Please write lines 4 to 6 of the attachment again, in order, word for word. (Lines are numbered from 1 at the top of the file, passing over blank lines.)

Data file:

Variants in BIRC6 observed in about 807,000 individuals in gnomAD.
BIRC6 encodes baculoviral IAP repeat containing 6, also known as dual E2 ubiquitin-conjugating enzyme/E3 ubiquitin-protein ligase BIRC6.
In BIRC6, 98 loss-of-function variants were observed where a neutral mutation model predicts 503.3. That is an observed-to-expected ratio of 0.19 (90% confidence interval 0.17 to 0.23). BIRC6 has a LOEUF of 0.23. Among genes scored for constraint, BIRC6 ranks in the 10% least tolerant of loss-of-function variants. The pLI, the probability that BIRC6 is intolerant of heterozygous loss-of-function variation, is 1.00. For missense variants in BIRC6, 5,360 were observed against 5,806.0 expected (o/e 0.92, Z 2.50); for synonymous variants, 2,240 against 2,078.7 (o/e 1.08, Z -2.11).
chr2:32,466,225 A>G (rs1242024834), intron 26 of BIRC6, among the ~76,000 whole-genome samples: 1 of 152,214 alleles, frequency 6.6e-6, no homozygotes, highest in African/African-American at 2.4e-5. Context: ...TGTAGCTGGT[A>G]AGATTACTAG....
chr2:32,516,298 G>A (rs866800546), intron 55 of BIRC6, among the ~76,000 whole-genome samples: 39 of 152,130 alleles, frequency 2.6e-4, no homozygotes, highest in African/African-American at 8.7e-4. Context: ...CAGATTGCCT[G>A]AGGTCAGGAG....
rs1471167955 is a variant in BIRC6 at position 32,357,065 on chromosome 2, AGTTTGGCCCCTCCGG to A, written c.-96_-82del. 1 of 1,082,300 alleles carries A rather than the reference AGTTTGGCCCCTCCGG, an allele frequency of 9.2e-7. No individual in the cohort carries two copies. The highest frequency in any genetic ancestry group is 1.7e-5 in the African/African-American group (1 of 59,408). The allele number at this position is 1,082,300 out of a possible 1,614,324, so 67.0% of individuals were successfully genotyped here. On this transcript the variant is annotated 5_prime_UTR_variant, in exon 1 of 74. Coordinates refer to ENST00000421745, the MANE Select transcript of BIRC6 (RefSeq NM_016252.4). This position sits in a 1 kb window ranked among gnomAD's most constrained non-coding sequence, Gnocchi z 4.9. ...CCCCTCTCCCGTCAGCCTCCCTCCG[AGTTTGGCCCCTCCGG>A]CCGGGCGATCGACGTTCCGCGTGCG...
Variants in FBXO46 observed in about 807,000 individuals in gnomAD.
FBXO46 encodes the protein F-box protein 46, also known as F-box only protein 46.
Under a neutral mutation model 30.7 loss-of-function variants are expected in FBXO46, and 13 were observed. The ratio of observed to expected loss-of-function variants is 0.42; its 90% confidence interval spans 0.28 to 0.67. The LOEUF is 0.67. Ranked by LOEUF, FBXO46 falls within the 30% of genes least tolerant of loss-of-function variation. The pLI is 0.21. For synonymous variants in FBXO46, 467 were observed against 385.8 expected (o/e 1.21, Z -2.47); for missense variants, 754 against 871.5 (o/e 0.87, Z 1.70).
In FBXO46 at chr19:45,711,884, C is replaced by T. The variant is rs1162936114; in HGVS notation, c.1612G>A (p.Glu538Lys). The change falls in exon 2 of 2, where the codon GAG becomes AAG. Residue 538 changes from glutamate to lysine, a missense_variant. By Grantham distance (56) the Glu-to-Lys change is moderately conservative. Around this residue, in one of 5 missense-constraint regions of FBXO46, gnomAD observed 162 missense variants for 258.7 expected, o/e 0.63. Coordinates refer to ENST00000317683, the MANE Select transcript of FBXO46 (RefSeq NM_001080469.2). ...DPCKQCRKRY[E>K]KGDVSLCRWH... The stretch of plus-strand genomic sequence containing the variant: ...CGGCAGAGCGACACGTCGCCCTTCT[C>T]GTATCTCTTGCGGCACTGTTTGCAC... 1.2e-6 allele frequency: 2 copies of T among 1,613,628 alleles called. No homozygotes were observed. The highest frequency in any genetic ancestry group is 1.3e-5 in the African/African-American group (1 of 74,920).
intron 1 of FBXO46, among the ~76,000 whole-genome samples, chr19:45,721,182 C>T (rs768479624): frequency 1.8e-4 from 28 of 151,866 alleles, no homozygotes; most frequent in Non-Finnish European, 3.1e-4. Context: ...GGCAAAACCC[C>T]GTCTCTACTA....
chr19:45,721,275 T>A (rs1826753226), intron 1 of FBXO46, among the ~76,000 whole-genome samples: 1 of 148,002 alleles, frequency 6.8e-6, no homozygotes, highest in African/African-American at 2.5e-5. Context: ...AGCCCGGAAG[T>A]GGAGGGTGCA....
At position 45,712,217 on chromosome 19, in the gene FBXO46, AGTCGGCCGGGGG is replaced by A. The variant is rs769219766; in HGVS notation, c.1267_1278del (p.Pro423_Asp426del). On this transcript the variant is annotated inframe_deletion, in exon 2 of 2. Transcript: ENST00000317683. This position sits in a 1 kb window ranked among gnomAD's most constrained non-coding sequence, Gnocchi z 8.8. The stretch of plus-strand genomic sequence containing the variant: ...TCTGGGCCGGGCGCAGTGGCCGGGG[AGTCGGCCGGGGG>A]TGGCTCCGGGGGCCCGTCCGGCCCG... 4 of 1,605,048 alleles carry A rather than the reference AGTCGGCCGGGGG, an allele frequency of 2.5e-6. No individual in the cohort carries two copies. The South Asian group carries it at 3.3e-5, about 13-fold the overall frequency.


chr2:32,466,225 A>G (rs1242024834), intron 26 of BIRC6, among the ~76,000 whole-genome samples: 1 of 152,214 alleles, frequency 6.6e-6, no homozygotes, highest in African/African-American at 2.4e-5. Context: ...TGTAGCTGGT[A>G]AGATTACTAG....
chr2:32,516,298 G>A (rs866800546), intron 55 of BIRC6, among the ~76,000 whole-genome samples: 39 of 152,130 alleles, frequency 2.6e-4, no homozygotes, highest in African/African-American at 8.7e-4. Context: ...CAGATTGCCT[G>A]AGGTCAGGAG....
rs1471167955 is a variant in BIRC6 at position 32,357,065 on chromosome 2, AGTTTGGCCCCTCCGG to A, written c.-96_-82del. 1 of 1,082,300 alleles carries A rather than the reference AGTTTGGCCCCTCCGG, an allele frequency of 9.2e-7. No individual in the cohort carries two copies. The highest frequency in any genetic ancestry group is 1.7e-5 in the African/African-American group (1 of 59,408). The allele number at this position is 1,082,300 out of a possible 1,614,324, so 67.0% of individuals were successfully genotyped here. On this transcript the variant is annotated 5_prime_UTR_variant, in exon 1 of 74. Coordinates refer to ENST00000421745, the MANE Select transcript of BIRC6 (RefSeq NM_016252.4). This position sits in a 1 kb window ranked among gnomAD's most constrained non-coding sequence, Gnocchi z 4.9. ...CCCCTCTCCCGTCAGCCTCCCTCCG[AGTTTGGCCCCTCCGG>A]CCGGGCGATCGACGTTCCGCGTGCG...